6.

Espy criticizes Hyde-Smith for 'public hanging' comment

Democrat Mike Espy said in a Tuesday debate ahead of a Nov. 27 runoff that appointed Sen. Cindy Hyde-Smith (R-Miss.) had given Mississippi "another black eye" with her recent comment in which she joked that she would attend a "public hanging" if a valued supporter asked. Hyde-Smith said the comment had been "twisted" into "a weapon" against her. Several companies, including Walmart, have asked Hyde-Smith to return campaign donations, calling the remark contrary to their values. Hyde-Smith ignited more criticism Tuesday with the resurfacing of a Facebook post showing her holding a rifle and wearing a Confederate soldier's hat during a 2014 visit to the home and presidential library of Jefferson Davis, who was president of the Confederacy during the Civil War. In the post, Hyde-Smith wrote: "Mississippi history at its best!" [NBC News, Politico]

7.

Democrat Ben McAdams beats Republican Rep. Mia Love in Utah

Democrats flipped another Republican-held congressional seat on Tuesday, when The Associated Press projected challenger Ben McAdams had beaten Republican Rep. Mia Love of Utah. Love, the first and only black female Republican in Congress, was seeking a third term. McAdams led Love by fewer than 700 votes, and if she had received 20 more votes she would have been able to request a recount under state law. McAdams' win adds to the Democrats' majority in the House when the new Congress convenes in January after midterm elections in which they flipped more than three dozen seats that had been held by Republicans. [The Associated Press]

8.

Suicide bomber kills dozens at Islamic-scholar gathering in Afghanistan

A suicide bomber attacked a banquet hall in Afghanistan's capital on Tuesday during a gathering of Islamic religious scholars who had gathered to commemorate the anniversary of the Prophet Mohammad's birth, killing more than 50 people. More than 80 others were injured, upwards of 40 of them critically. President Ashraf Ghani called the attack "un-Islamic" and "unforgivable." Both the Taliban militant group and a local Islamic State affiliate have targeted religious scholars aligned with the government before. The Taliban denied involvement and condemned the attack. [Reuters]

9.

CDC warns against eating romaine lettuce due to E. coli outbreak

The Centers for Disease Control and Prevention on Tuesday warned consumers not to eat romaine lettuce, saying it is unsafe due to an outbreak of illnesses from a particularly dangerous type of E. coli contamination. The CDC said consumers should throw away any romaine they have already purchased, and refrain from buying more until the alert is lifted. Restaurants are advised not to serve the lettuce, and stores are on notice not to sell it. The warning applies to all romaine lettuce, no matter where it was grown. Thirty-two people in 11 states have fallen ill from eating contaminated romaine. Thirteen of them have been hospitalized, one with a form of kidney failure. Eighteen people in Canada have been infected with the same strain of E. coli. [The Washington Post]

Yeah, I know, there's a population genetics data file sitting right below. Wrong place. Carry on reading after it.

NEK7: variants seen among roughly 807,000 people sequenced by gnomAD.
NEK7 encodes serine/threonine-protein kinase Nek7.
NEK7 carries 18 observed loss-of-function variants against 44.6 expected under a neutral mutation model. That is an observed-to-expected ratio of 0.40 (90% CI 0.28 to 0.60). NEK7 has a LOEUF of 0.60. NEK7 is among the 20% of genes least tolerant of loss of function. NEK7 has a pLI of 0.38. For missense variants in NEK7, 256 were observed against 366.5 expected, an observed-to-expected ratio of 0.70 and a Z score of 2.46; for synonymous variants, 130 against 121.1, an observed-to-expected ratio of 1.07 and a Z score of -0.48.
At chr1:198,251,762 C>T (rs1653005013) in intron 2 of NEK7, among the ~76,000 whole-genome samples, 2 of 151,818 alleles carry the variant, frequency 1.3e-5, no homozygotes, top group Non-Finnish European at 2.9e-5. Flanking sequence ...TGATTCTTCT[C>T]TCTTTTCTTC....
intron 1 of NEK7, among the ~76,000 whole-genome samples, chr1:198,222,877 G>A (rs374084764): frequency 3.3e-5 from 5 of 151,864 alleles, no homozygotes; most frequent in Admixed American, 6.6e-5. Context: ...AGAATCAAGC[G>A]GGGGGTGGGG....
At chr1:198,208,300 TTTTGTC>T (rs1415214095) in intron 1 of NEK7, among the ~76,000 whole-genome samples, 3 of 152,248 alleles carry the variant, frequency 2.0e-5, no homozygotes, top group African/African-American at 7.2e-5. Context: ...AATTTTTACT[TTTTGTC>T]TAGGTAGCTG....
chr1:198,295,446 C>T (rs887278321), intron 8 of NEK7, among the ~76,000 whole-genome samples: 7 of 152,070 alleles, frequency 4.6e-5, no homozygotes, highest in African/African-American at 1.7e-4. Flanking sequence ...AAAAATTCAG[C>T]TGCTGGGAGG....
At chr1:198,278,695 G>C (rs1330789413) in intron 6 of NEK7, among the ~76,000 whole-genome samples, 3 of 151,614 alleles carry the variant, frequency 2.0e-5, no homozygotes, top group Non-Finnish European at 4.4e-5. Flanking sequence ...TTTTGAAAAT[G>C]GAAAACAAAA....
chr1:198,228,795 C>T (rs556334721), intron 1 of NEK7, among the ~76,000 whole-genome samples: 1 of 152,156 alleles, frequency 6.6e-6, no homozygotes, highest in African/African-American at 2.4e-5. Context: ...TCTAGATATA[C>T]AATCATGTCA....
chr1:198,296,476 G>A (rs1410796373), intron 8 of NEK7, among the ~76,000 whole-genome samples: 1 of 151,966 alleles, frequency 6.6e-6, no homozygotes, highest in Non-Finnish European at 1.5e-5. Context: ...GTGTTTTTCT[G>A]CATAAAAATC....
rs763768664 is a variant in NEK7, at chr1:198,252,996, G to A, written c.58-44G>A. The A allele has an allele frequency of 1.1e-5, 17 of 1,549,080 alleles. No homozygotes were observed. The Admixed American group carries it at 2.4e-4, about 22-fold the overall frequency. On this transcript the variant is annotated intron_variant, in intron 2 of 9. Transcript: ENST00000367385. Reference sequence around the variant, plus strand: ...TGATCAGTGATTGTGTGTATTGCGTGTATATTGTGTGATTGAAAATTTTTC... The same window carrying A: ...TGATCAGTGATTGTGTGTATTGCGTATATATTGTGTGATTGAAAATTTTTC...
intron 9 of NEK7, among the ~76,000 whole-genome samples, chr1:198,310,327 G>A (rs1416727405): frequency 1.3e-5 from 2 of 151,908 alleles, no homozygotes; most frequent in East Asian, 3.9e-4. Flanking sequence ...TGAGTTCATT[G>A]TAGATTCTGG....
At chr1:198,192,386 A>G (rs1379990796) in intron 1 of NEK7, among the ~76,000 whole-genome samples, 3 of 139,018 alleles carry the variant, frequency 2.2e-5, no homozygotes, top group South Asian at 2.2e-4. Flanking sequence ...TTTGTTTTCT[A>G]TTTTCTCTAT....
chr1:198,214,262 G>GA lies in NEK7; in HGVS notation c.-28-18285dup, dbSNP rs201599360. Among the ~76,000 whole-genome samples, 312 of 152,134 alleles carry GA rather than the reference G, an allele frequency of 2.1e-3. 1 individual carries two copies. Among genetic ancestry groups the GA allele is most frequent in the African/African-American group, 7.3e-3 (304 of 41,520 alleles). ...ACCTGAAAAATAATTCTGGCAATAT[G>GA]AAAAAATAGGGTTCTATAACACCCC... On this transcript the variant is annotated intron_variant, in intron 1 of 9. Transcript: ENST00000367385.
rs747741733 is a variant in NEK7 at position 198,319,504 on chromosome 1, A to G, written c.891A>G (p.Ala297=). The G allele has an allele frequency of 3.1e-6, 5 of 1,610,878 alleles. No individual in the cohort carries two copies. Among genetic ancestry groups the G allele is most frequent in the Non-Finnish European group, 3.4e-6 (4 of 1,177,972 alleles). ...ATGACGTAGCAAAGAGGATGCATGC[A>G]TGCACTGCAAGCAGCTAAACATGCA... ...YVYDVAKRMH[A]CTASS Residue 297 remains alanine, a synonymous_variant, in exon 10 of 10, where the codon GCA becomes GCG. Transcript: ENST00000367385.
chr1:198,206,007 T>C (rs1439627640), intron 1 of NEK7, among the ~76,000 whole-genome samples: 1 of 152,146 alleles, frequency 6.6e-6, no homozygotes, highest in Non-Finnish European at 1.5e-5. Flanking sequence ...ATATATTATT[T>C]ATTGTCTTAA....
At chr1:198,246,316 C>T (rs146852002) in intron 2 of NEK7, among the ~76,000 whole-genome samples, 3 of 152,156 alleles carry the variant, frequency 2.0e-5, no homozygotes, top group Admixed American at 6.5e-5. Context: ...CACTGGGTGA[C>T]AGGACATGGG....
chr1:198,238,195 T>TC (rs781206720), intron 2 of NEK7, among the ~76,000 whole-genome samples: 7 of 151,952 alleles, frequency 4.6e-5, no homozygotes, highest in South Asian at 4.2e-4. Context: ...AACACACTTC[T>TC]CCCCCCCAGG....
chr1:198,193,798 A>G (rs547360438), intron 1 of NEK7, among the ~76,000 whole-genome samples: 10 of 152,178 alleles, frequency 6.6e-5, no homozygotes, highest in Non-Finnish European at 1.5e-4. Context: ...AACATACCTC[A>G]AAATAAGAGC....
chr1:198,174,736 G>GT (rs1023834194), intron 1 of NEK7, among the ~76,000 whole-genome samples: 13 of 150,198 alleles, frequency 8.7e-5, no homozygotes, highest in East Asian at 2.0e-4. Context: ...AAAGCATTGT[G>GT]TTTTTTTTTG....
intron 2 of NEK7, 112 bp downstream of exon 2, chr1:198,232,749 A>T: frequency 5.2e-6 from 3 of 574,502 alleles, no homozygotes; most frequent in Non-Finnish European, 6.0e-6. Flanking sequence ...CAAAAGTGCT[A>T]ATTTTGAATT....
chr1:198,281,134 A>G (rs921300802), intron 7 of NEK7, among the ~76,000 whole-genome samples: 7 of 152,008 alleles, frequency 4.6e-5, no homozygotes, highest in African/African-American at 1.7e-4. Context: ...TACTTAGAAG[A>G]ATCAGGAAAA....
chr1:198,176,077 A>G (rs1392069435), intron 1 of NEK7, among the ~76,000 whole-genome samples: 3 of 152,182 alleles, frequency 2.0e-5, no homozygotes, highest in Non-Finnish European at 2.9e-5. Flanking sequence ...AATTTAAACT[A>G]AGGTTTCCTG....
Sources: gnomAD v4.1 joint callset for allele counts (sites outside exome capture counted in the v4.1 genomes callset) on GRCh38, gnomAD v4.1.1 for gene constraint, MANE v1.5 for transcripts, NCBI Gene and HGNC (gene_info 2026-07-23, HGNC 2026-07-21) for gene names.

10.

Glamour magazine to end print publication and go digital-only

Publisher Conde Nast announced Tuesday that it would end regular print publication of Glamour magazine. The company said it would continue to print occasional special editions of Glamour, including its annual Women of the Year award or topics such as power and money, but would focus its efforts on its website. The monthly magazine's circulation has held steady at around 2.2 million over the last three years, but its web traffic has risen by 12 percent to 6.3 million monthly unique viewers since digital journalist Samantha Barry took over as the magazine's top editor in January. "It's where the audiences are, and it's where our growth is," Barry told The New York Times in an interview. "That monthly schedule, for a Glamour audience, doesn't make sense anymore." [The New York Times]